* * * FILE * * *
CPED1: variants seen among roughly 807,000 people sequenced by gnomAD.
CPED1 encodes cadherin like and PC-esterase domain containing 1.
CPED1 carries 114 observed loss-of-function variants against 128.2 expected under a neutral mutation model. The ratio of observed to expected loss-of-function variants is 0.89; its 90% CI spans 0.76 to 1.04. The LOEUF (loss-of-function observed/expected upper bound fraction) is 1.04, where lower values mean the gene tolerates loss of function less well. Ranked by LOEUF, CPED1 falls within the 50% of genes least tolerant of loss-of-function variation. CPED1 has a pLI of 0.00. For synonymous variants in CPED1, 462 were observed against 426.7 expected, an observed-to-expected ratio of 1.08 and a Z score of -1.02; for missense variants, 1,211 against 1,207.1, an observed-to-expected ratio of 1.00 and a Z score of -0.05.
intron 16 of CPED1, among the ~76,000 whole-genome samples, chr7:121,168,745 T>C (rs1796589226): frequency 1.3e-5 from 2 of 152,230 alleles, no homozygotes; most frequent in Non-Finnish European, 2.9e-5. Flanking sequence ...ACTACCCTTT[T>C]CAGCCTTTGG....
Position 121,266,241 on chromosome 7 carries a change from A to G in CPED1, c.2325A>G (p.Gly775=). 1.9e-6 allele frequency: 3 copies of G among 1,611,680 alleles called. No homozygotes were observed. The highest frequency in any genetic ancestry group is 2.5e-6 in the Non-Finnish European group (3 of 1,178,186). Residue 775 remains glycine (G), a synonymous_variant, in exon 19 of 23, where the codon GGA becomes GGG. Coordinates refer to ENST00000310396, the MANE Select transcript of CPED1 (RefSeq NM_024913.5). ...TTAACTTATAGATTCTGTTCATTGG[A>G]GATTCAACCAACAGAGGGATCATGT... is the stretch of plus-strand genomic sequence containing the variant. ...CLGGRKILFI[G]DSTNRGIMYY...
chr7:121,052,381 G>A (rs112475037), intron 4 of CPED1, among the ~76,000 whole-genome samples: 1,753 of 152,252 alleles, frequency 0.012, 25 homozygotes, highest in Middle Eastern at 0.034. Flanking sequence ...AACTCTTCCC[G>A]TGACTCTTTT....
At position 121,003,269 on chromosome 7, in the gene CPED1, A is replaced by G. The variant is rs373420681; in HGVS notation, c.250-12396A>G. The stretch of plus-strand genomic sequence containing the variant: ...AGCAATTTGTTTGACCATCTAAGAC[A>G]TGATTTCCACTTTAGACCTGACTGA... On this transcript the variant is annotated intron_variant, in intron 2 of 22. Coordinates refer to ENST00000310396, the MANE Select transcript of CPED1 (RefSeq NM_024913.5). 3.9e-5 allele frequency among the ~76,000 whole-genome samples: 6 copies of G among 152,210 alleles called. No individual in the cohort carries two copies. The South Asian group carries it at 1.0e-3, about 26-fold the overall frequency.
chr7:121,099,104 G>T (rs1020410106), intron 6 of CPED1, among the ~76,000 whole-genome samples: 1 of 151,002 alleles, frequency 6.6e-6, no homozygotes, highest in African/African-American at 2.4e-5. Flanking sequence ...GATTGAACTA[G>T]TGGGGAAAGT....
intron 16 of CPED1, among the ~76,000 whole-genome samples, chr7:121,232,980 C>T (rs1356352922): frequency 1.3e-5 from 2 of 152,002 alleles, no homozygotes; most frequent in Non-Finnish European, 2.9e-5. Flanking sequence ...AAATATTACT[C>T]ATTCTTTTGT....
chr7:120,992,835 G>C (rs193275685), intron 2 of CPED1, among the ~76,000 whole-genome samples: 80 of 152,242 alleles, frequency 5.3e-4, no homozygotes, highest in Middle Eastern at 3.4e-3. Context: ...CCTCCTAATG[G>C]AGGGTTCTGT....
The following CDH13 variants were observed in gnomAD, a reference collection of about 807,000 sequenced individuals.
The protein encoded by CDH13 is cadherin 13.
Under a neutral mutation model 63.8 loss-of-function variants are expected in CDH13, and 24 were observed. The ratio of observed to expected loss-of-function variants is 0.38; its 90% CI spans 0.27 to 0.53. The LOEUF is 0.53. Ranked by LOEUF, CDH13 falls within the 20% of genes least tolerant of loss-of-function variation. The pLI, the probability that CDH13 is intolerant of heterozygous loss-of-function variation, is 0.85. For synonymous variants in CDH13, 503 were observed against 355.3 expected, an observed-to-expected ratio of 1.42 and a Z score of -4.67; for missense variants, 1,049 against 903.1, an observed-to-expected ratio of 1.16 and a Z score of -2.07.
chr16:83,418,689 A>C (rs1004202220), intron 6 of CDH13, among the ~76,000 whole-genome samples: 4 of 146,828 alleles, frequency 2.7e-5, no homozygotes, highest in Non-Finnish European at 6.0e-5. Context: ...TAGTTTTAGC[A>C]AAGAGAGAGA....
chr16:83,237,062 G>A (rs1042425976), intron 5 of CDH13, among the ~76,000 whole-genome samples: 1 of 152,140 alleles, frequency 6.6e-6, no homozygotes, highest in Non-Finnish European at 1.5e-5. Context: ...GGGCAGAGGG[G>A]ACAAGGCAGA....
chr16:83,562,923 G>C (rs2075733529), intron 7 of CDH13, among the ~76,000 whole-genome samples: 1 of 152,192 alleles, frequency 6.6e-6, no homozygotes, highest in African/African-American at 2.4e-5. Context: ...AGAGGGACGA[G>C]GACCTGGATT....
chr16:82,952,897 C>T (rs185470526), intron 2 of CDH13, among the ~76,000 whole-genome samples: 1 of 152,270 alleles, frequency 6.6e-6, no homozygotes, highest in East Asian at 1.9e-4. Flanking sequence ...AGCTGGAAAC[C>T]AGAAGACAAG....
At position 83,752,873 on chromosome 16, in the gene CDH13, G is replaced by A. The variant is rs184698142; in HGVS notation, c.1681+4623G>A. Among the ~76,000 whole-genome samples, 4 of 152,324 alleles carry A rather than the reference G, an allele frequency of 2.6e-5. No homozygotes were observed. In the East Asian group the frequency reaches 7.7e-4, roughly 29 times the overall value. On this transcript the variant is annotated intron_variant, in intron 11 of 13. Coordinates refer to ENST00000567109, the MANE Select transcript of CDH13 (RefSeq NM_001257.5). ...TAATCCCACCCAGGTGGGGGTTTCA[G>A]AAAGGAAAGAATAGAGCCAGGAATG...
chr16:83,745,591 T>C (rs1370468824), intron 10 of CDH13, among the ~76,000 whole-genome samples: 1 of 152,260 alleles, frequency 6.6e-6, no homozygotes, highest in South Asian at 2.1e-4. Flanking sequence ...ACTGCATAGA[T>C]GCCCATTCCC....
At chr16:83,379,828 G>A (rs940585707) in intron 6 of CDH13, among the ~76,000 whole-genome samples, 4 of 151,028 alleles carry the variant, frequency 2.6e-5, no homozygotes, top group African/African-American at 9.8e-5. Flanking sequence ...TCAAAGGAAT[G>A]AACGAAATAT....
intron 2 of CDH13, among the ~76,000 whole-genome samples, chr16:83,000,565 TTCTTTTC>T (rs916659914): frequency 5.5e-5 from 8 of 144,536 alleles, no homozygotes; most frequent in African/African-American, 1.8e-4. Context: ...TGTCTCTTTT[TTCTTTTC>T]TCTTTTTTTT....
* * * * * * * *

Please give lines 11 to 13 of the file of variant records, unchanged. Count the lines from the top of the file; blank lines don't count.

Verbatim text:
The following CDH13 variants were observed in gnomAD, a reference collection of about 807,000 sequenced individuals.
The protein encoded by CDH13 is cadherin 13.
Under a neutral mutation model 63.8 loss-of-function variants are expected in CDH13, and 24 were observed. The ratio of observed to expected loss-of-function variants is 0.38; its 90% CI spans 0.27 to 0.53. The LOEUF is 0.53. Ranked by LOEUF, CDH13 falls within the 20% of genes least tolerant of loss-of-function variation. The pLI, the probability that CDH13 is intolerant of heterozygous loss-of-function variation, is 0.85. For synonymous variants in CDH13, 503 were observed against 355.3 expected, an observed-to-expected ratio of 1.42 and a Z score of -4.67; for missense variants, 1,049 against 903.1, an observed-to-expected ratio of 1.16 and a Z score of -2.07.